Why Big Marketing Agencies Cost More And Deliver Less

I may sound completely bias writing this article, you know, because we’re a small agency and all. But there are real reasons we continued to stay small, in terms of our in-house team size, physical office size, and the number of projects we take on at any given time.

We could have expanded our operations tenfold at this point if we wanted to, but not without hindering the end-results of our client work, and certainly not without increasing our prices. How many of you have worked with a big agency in the past only to be disappointed?

The larger the agency, the more hands-off you can expect your relationship to be throughout the course of any given collaboration. Now, maybe some of you prefer this sort of hands-off relationship, so naturally, a big agency might be the right fit for you.

If you prefer to work directly with the agency owners while keeping a close relationship throughout the entire process, then a small agency is probably a better fit. And oh yeah, lower operating costs for the agency means lower prices for the client. Is it starting to become clear why we keep our operations small?

We didn’t start this agency to turn it into a large monopoly, we are willing to sacrifice the endless salary ceiling in order to continue doing the best work possible for each and every client.

Besides our values, there are 3 genuine reasons I believe small agencies outperform the big guys.

  1. You work directly with the agency owner. This means your project is never handed over to an account manager, an intern, or whoever else a large agency decides should keep track of your campaigns. From the very beginning, the owner takes a personal interest in your business, essentially treating it as his/her own. This really shines through in any content that’s created for your brand, as well as in the end-results of each campaign.
  2. Costs are significantly cheaper. When there’s no fancy office and no gigantic salaries to pay, you reap the rewards by paying far less money for the same end-results. Often time big agencies require hefty minimum budgets and long contracts, neither of which you’ll get with a smaller boutique agency. If an agency has 500 employees, their price will certainly reflect that, but do you think all of those employees are assigned to your project? Of course not, but you’re still paying the premium because the agency is paying all 500 salaries.
  3. Niche-focused employee expertise. Instead of working with a jack-of-all-trades style team, you work with people who are experts in your field. Employees in larger agencies are typically thrown new client work each week, or each month. They might be strategizing for Dunkin’ Donuts one day and the next day they’re doing work for Colgate. In this environment, there are no true experts in any given niche. They may be an expert at writing content, but that expertise isn’t honed in on a single subject. You want an expert in each field, who’s ALSO an expert in your niche, that’s when you get A+ results for all of your campaigns.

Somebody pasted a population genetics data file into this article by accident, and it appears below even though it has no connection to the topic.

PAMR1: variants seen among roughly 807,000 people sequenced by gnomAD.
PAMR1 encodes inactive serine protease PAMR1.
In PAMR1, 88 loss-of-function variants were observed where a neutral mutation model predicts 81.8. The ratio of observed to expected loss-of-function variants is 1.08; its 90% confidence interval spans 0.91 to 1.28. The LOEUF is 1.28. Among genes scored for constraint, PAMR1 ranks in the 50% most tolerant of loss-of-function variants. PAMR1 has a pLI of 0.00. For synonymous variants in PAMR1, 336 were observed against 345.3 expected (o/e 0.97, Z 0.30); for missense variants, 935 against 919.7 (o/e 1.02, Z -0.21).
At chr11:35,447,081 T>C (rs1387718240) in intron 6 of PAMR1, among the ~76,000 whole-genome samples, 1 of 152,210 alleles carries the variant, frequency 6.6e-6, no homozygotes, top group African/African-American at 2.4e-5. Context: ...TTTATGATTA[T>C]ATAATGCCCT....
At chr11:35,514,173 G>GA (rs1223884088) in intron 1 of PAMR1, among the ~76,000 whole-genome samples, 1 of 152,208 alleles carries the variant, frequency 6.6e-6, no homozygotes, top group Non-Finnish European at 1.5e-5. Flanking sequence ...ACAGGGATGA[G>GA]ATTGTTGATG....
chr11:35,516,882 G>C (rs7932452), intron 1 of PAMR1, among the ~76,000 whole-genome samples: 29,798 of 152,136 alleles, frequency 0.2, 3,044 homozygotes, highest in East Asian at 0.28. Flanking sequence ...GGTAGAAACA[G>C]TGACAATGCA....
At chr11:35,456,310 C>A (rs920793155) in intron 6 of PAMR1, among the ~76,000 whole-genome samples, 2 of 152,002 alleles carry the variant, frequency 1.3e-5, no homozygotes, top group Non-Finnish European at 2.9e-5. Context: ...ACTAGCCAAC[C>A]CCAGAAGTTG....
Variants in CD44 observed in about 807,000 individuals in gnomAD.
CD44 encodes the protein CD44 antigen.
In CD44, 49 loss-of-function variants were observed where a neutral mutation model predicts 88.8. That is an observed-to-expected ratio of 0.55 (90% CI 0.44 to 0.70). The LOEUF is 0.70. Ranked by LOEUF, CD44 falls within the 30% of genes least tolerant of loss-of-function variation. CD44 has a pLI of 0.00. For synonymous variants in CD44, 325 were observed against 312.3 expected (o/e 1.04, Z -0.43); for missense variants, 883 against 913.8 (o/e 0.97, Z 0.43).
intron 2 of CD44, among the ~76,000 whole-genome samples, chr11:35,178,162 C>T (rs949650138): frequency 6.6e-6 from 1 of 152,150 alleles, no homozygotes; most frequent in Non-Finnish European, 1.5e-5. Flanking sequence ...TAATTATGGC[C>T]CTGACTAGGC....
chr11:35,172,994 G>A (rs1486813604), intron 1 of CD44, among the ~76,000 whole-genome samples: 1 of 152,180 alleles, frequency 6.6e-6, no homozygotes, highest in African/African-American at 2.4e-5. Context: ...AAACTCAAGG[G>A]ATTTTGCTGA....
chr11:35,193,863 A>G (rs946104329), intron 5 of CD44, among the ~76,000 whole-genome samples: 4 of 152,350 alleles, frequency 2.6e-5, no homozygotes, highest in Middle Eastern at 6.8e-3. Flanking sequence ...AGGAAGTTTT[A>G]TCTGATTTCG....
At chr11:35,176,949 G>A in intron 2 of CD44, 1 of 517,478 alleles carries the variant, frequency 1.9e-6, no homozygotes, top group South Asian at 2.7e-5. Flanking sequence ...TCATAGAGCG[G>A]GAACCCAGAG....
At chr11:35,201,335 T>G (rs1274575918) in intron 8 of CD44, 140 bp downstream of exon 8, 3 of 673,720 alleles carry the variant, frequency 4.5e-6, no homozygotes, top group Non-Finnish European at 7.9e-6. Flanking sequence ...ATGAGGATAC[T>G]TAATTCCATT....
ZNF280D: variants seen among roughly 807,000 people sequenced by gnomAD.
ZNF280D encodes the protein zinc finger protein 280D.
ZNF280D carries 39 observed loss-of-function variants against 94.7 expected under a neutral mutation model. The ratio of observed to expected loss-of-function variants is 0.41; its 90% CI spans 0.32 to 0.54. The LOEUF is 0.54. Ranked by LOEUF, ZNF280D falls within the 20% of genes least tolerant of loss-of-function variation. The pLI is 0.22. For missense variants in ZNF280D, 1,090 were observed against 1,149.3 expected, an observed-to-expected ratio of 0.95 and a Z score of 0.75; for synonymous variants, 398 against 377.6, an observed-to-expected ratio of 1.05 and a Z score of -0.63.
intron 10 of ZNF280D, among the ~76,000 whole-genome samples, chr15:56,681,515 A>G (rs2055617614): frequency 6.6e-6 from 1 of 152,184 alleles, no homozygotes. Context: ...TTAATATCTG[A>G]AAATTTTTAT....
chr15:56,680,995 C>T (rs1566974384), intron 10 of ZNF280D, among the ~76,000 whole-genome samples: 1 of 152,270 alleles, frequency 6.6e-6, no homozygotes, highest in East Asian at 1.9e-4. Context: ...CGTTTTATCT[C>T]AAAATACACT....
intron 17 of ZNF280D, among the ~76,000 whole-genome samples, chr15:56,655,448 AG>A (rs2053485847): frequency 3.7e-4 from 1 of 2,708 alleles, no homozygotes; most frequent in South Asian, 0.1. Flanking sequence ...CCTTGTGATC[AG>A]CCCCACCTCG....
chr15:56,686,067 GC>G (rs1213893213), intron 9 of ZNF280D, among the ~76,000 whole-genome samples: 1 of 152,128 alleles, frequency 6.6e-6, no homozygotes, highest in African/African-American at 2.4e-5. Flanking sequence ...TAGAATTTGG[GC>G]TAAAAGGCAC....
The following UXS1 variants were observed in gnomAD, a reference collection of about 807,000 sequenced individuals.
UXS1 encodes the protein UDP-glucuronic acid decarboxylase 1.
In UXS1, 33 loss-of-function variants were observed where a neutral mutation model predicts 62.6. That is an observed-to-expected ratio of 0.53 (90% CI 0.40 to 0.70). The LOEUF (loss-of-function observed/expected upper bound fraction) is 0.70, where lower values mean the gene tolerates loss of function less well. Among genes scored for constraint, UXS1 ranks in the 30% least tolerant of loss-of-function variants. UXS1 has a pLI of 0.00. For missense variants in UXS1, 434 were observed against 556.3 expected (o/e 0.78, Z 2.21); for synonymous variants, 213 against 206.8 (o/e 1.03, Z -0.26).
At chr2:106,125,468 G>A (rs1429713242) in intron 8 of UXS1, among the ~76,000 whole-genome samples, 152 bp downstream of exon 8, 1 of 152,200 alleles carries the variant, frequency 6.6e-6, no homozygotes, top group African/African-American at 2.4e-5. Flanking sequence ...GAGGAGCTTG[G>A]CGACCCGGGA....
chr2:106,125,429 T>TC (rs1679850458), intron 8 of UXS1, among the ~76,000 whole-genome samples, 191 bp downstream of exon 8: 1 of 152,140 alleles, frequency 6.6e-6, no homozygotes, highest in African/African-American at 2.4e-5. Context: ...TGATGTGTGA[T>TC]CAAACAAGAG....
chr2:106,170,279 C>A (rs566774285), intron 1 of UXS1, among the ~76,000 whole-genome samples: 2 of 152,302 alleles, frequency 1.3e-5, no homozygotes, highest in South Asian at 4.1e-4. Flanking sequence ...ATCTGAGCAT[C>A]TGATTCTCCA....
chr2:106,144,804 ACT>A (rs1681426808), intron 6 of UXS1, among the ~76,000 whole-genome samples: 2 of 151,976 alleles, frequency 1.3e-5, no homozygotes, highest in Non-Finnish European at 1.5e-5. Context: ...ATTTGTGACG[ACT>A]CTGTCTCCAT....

That being said, big agencies have their place and fit the personality type of many business owners out there. When it comes to budgets in the $1mil+ per month range, it’s a no-brainer, you need a huge team to pull off campaigns of this size. For small to medium size budgets, it’s probably best to shop around and work with a smaller niche agency.

From the first conversation you have, you can often tell whether or not the agency is a fit for your brand. Trust your gut instinct and make sure the agency is genuinely interested in growing your business. Feel them out in your initial call or meeting, and don’t be afraid to ask them ‘difficult’ questions.

Think of it this way, if you choose the wrong agency, you could be steering your business in the wrong direction for several months or longer. If that happens, you’re right back where you started and the market is now one step ahead of you.

Try asking these 7 questions during your consultation. Asking good questions is the most important thing you need to learn, especially when hiring an agency (or hiring anyone in general).

Let us know in the comments how you feel about this topic, as it’s clearly quite controversial. Again, I’m not saying big agencies are bad in any way, shape, or form, I simply think smaller niche agencies are the right fit for the majority of people. I hope you got some value out of this article, thanks for reading.